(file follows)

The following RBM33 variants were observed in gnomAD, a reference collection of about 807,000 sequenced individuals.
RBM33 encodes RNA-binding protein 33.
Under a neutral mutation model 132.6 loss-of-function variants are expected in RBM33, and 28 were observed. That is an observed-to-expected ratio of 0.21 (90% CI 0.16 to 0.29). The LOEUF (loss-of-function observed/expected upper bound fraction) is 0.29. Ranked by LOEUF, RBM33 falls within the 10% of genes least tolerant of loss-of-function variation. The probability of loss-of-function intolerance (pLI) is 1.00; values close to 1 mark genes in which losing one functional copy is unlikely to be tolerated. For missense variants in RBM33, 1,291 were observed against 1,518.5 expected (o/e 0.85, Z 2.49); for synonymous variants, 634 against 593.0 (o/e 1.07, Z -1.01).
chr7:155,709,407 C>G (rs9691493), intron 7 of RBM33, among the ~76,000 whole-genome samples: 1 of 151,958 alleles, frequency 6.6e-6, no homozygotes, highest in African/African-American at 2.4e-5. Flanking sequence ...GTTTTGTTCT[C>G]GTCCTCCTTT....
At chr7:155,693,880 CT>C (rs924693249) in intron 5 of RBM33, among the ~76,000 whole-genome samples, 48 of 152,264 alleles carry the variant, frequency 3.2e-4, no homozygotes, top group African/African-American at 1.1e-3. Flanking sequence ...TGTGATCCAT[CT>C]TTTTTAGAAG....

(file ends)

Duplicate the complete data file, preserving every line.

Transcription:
The following RBM33 variants were observed in gnomAD, a reference collection of about 807,000 sequenced individuals.
RBM33 encodes RNA-binding protein 33.
Under a neutral mutation model 132.6 loss-of-function variants are expected in RBM33, and 28 were observed. That is an observed-to-expected ratio of 0.21 (90% CI 0.16 to 0.29). The LOEUF (loss-of-function observed/expected upper bound fraction) is 0.29. Ranked by LOEUF, RBM33 falls within the 10% of genes least tolerant of loss-of-function variation. The probability of loss-of-function intolerance (pLI) is 1.00; values close to 1 mark genes in which losing one functional copy is unlikely to be tolerated. For missense variants in RBM33, 1,291 were observed against 1,518.5 expected (o/e 0.85, Z 2.49); for synonymous variants, 634 against 593.0 (o/e 1.07, Z -1.01).
chr7:155,709,407 C>G (rs9691493), intron 7 of RBM33, among the ~76,000 whole-genome samples: 1 of 151,958 alleles, frequency 6.6e-6, no homozygotes, highest in African/African-American at 2.4e-5. Flanking sequence ...GTTTTGTTCT[C>G]GTCCTCCTTT....
At chr7:155,693,880 CT>C (rs924693249) in intron 5 of RBM33, among the ~76,000 whole-genome samples, 48 of 152,264 alleles carry the variant, frequency 3.2e-4, no homozygotes, top group African/African-American at 1.1e-3. Flanking sequence ...TGTGATCCAT[CT>C]TTTTTAGAAG....